EnglishEdit

EtymologyEdit

lath +‎ -y

AdjectiveEdit

lathy ‎(comparative more lathy, superlative most lathy)

  1. (archaic) Like a lath; long and slender.
    • 1854, William Harrison Ainsworth, The Lancashire Witches[1]:
      In this way he was dragged out; and as he crept up the bank, with the wet pouring from his apparel, which now clung tightly to his lathy limbs, he was greeted by the jeers of Nicholas.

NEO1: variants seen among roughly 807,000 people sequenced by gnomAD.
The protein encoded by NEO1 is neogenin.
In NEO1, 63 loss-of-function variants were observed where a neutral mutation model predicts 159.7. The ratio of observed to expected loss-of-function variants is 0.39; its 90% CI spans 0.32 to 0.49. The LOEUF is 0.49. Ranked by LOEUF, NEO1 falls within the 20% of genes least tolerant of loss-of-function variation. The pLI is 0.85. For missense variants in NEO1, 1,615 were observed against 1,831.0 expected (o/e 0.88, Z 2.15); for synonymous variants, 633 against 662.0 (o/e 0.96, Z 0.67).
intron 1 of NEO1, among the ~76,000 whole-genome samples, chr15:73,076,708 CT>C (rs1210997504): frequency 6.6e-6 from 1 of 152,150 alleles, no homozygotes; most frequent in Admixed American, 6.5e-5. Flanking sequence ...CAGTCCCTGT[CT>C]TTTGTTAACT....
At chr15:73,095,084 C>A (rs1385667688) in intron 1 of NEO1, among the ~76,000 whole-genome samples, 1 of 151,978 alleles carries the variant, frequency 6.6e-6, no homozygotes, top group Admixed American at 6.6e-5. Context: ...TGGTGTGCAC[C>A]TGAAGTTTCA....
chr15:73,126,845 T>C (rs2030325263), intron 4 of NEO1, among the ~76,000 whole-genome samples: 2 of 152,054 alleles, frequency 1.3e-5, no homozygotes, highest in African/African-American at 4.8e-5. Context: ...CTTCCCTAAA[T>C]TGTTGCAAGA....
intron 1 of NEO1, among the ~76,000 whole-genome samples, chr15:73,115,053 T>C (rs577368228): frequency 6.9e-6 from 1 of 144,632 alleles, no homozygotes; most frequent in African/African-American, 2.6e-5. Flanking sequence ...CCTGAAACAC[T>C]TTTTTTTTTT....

• 1911, Hamilton Drummond, The Justice of the King[2]:
      And little lathy Charles with his long, narrow white face and obstinate chin, is no A B C of a boy.
    • 1917, Rudyard Kipling, A Diversity of Creatures[3]:
      'Twas just a bit o' lathy old plank which Jim had throwed acrost the brook for his own conveniences.